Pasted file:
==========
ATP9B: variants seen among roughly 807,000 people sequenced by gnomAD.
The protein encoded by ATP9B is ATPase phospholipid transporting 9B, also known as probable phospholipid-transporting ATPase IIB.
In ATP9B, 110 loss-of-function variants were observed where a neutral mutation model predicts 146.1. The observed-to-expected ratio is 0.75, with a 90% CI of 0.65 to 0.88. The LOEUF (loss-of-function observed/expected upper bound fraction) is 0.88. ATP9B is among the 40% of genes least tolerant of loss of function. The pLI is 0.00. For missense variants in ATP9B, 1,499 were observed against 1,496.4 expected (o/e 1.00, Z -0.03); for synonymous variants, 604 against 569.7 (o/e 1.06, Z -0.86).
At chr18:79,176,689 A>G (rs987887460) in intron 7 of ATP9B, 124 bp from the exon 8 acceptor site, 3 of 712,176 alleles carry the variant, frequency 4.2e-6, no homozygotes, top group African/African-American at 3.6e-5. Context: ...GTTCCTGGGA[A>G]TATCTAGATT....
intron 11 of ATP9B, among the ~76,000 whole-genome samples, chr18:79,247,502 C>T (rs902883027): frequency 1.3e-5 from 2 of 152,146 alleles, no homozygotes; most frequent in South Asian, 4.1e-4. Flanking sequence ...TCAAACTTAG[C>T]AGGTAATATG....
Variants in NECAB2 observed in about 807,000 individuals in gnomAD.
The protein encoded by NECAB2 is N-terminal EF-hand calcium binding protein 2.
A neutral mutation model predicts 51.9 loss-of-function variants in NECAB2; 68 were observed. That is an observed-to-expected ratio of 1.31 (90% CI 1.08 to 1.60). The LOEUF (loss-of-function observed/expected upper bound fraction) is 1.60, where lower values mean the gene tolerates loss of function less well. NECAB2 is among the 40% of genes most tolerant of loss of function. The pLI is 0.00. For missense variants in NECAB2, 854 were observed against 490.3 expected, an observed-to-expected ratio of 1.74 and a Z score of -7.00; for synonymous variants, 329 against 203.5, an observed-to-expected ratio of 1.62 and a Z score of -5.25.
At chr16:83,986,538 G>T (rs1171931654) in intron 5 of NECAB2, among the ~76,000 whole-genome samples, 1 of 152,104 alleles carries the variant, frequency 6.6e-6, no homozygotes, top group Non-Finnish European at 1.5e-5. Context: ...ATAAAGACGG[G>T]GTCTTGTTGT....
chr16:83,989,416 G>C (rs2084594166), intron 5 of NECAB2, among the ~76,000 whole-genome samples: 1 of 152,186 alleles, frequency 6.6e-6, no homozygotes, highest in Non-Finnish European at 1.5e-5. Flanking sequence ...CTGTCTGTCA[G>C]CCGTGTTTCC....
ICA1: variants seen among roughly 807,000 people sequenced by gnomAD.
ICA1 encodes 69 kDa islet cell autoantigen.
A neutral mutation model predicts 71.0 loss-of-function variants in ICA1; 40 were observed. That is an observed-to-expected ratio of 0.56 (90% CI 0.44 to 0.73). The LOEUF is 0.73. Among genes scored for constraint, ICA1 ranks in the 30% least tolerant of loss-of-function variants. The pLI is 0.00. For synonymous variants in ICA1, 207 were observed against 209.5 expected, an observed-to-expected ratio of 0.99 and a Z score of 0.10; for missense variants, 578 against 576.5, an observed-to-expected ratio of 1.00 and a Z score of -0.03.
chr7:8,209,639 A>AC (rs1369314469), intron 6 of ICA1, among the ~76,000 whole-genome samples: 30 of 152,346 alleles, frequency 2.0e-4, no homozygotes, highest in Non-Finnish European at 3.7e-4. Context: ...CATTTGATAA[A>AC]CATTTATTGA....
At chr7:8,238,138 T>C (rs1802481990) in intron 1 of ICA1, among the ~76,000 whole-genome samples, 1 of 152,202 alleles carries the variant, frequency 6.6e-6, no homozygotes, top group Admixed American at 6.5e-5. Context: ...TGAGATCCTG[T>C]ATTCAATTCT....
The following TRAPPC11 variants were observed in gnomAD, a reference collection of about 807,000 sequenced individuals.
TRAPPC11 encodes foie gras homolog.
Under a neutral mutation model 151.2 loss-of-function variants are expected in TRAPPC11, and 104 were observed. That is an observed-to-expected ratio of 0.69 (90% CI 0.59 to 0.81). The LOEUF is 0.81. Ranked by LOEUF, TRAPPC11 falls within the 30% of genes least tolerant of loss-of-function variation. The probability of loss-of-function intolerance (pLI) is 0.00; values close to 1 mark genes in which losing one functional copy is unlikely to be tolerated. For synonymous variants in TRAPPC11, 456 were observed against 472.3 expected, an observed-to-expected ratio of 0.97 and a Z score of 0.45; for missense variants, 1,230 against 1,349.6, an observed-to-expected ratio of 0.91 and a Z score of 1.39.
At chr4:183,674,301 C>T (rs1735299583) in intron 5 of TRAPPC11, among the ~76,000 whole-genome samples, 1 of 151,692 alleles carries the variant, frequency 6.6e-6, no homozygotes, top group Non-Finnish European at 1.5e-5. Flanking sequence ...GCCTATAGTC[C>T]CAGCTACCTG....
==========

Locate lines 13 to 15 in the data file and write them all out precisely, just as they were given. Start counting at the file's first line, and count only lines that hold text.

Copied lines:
A neutral mutation model predicts 71.0 loss-of-function variants in ICA1; 40 were observed. That is an observed-to-expected ratio of 0.56 (90% CI 0.44 to 0.73). The LOEUF is 0.73. Among genes scored for constraint, ICA1 ranks in the 30% least tolerant of loss-of-function variants. The pLI is 0.00. For synonymous variants in ICA1, 207 were observed against 209.5 expected, an observed-to-expected ratio of 0.99 and a Z score of 0.10; for missense variants, 578 against 576.5, an observed-to-expected ratio of 1.00 and a Z score of -0.03.
chr7:8,209,639 A>AC (rs1369314469), intron 6 of ICA1, among the ~76,000 whole-genome samples: 30 of 152,346 alleles, frequency 2.0e-4, no homozygotes, highest in Non-Finnish European at 3.7e-4. Context: ...CATTTGATAA[A>AC]CATTTATTGA....
At chr7:8,238,138 T>C (rs1802481990) in intron 1 of ICA1, among the ~76,000 whole-genome samples, 1 of 152,202 alleles carries the variant, frequency 6.6e-6, no homozygotes, top group Admixed American at 6.5e-5. Context: ...TGAGATCCTG[T>C]ATTCAATTCT....